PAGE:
In Latin America, a region that, historically, led the way on the implementation of a regional Expanded Program of Immunizations , all countries, with the exception of Haiti, had introduced the Hib conjugate vaccine by the end of 2006 , and currently 35 countries incorporate PCV10 or PCV13 in their childhood vaccination schedule. However, the lack of information regarding the burden of disease and circulating Nm strains makes the implementation of meningococcal vaccines in the region a low priority. To date, Brazil, Chile, and Argentina have included one of the available meningococcal conjugate vaccine in their schedules. These three countries have efficient surveillance systems and strong laboratory capacities that have provided the information needed to support the decision. With a few exceptions, even before vaccine implementation, the majority of countries in the region reported few to no cases of Hi, Spn and, particularly, Nm. Information available through SIREVA II, a passive laboratory-based network that collected information on isolates typed by the National Reference Laboratories from 1997 to 2012 [13–21], was valuable in guiding public health decisions regarding the use of H. influenzae type b (Hib) and pneumococcal vaccines [22–24], yet insufficient to provide evidence with regard to meningococcal vaccination . Moreover, the impact of the pneumococcal vaccine in many low-income countries in Latin America is only assessed indirectly due to the difficulties in isolating the pathogen .
Most hospitals in Latin America have the facilities to conduct basic bacteriological analyses, but culture positivity rates are very low due to the use of antibiotics prior to sample collection, and to delay in transporting samples to the laboratory. The use of rapid diagnostic tests is often hampered by their high cost, short shelf-life, specific conservation conditions, and the skill of the laboratory technician to correctly interpret results . The difficulties encountered in the isolation and characterization of bacteria directly affects the quality of data reported to epidemiological surveillance, as many cases of ABM are recorded as unknown etiology, or simply not informed due to the lack of laboratory confirmation This leads to a reduction in the estimated incidence rates of the disease, which affects both public health decision making in the use of preventive interventions in the population, and the evaluation of existing vaccination policies.
Real-time PCR assays directly from clinical samples, i.e. serum and cerebrospinal fluid (CSF), have been widely used in diagnosis of ABM caused by Hi, Spn, and Nm, and proven to be highly sensitive, specific, and reproducible even after the administration of the antibiotics [28–32]. The use of the real-time PCR in diagnostic routine procedures has contributed to substantial increase in the number of confirmed ABM cases [29–30]. However, in resource-poor countries, these assays can only be conducted in reference laboratories that have the necessary infrastructure, equipment, and trained personnel. Sample transportation to these laboratories needs to be done within a very small timeframe, and requires specific biosafety measures and preservation conditions that can only be ensured by specialized, and costly, courier services.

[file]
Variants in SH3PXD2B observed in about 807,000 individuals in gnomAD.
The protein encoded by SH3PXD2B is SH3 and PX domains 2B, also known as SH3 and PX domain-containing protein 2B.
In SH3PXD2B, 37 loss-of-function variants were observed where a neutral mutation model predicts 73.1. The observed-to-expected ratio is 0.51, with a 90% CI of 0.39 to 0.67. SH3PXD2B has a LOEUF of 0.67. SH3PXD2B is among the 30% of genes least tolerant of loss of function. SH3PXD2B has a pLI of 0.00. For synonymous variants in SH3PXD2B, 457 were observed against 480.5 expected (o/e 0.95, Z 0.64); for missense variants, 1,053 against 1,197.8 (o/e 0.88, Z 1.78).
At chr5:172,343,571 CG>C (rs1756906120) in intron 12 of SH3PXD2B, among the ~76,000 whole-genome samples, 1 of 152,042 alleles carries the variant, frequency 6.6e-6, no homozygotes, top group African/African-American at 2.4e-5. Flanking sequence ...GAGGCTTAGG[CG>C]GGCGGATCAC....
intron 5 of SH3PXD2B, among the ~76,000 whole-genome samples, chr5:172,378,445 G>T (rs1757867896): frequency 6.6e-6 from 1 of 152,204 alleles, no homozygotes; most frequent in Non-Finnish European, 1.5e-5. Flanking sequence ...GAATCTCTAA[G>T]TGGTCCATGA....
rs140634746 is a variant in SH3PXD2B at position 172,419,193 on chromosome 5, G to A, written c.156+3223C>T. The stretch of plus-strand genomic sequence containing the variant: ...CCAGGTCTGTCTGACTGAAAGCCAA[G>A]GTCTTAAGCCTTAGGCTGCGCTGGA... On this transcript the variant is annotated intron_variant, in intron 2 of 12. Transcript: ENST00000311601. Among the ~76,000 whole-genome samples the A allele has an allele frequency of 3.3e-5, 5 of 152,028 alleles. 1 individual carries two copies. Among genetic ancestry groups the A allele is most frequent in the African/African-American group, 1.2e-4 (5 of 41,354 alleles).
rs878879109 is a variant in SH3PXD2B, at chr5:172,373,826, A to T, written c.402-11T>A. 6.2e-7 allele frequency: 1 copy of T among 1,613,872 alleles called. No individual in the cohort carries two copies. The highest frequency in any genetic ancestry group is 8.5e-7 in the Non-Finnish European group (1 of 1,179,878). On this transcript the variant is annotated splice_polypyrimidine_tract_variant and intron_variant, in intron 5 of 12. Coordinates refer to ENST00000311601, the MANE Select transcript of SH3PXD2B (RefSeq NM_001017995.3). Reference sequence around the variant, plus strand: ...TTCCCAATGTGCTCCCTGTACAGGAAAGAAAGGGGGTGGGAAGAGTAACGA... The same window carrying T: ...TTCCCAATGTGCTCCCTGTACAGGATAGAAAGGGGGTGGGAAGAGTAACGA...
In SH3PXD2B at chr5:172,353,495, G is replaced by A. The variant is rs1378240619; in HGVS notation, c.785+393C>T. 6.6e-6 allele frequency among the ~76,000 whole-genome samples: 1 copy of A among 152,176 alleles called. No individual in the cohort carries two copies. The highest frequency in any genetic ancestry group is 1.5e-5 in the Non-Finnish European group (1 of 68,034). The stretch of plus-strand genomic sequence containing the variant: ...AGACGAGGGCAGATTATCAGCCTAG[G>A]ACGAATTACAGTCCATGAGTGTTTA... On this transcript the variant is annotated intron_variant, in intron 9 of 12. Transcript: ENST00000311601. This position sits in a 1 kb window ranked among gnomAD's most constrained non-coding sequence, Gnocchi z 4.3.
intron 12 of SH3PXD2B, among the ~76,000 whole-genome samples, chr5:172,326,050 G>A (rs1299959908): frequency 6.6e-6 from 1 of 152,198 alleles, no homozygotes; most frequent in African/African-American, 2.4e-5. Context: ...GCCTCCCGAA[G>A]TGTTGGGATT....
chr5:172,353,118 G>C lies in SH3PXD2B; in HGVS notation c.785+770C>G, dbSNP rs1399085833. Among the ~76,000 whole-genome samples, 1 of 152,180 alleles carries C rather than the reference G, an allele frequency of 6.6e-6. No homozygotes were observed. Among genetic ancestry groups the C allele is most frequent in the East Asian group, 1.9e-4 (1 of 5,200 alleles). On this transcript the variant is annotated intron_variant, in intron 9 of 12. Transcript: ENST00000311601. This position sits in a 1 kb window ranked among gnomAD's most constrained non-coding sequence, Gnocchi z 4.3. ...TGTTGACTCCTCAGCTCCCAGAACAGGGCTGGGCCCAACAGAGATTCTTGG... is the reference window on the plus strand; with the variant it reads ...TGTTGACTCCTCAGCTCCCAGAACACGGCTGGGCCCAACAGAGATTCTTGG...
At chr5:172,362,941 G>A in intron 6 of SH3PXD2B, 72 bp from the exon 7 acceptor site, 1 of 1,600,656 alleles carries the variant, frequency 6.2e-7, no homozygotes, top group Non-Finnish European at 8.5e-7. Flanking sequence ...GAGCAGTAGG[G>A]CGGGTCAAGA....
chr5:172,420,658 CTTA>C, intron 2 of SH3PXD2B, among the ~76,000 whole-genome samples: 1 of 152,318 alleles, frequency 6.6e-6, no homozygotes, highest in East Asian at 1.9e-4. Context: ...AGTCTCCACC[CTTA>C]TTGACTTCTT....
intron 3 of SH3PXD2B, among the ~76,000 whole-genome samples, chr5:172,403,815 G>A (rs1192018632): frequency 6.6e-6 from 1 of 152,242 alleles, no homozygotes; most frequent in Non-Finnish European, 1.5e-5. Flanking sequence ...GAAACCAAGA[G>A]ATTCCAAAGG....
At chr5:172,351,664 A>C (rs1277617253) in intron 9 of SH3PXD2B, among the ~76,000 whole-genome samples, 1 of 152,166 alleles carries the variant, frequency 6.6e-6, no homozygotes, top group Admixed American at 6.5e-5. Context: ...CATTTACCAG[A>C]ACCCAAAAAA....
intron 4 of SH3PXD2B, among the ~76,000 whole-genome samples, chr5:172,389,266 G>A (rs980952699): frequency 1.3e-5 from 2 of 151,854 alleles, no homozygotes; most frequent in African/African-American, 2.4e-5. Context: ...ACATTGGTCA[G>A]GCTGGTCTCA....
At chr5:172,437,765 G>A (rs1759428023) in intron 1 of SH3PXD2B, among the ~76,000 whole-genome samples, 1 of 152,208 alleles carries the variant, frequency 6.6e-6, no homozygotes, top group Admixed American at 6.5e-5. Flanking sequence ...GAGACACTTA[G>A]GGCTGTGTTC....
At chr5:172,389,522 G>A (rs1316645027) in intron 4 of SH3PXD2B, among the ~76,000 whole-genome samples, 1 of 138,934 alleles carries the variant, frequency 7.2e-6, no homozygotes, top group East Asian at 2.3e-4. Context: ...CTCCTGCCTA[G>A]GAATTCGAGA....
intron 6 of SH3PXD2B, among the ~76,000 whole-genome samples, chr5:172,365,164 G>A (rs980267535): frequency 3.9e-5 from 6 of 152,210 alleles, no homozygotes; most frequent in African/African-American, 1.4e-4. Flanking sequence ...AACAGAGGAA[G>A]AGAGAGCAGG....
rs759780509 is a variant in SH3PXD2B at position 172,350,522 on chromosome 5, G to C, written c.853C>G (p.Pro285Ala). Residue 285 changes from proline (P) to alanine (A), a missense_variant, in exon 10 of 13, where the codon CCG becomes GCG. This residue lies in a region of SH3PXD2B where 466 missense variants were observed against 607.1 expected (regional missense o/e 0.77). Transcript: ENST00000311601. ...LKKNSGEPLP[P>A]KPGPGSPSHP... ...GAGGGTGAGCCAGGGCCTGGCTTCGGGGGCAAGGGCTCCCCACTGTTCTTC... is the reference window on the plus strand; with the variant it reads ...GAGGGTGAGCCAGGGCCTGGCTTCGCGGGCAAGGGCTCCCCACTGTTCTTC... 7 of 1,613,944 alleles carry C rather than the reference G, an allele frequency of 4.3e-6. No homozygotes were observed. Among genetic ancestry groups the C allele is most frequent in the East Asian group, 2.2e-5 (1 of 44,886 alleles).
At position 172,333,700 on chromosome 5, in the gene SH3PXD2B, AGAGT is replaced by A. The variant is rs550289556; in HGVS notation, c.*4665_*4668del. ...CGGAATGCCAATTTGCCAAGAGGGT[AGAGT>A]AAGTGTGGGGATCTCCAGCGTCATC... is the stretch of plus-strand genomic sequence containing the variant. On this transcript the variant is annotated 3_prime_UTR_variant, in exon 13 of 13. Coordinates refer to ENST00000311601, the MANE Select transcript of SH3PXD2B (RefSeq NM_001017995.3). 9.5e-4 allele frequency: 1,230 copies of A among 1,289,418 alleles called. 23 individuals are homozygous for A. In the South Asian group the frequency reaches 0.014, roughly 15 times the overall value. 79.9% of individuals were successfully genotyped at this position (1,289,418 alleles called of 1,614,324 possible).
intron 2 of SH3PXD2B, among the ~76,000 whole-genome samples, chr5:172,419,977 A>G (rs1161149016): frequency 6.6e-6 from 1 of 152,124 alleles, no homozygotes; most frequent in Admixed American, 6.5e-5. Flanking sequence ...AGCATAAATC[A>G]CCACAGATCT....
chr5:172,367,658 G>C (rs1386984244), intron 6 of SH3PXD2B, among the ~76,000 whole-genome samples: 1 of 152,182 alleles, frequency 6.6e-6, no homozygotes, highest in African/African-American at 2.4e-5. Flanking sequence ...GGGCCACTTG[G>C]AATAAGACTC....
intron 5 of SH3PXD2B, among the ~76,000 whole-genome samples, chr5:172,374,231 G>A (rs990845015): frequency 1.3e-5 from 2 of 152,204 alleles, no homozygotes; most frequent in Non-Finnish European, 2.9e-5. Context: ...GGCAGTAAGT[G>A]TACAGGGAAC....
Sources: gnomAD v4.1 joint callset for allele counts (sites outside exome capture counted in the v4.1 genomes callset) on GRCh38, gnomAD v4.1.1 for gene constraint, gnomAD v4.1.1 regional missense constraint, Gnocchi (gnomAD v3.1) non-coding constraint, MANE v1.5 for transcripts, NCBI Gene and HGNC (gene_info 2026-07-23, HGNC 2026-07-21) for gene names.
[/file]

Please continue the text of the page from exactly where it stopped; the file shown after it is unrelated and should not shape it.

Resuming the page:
The use of filter paper for the long-term conservation and diagnosis of infections has proved to be a good alternative in settings with limited laboratory facilities [33–35]. Moreover, Spn and Hi have successfully been detected from dry blood and CSF samples [36–40], but there is insufficient data on the use of this technique for the detection of Nm.
In this study, we aim to evaluate the use of FTATM Elute filter paper cards for the conservation, and real-time PCR detection of Nm, Spn, and Hi from CSF and serum samples, and provide evidence of the applicability of this technique for the transport and processing of samples from remote and under-equipped healthcare facilities to the reference centers.
Materials and methods
This study was approved by the Ethical Committee of Instituto Adolfo Lutz, by Brazil’sNational Committee for Ethics in Research (Comissão Nacional de Ética em Pesquisa, CONEP, protocol number CAAE4549613.0.0000.0059) and the Pan-American Health Organization Ethics Review Committee.
We analyzed CSF and serum samples from suspected cases of bacterial meningitis from public health units in São Paulo city, Brazil, between March and November 2015. A total of 401 samples were received as part of Sao Paulo’s national surveillance for routine diagnosis, and were selected by order of arrival to the laboratory. Samples were anonymized and identified by a unique number before access, and no clinical or personal data were required for this study.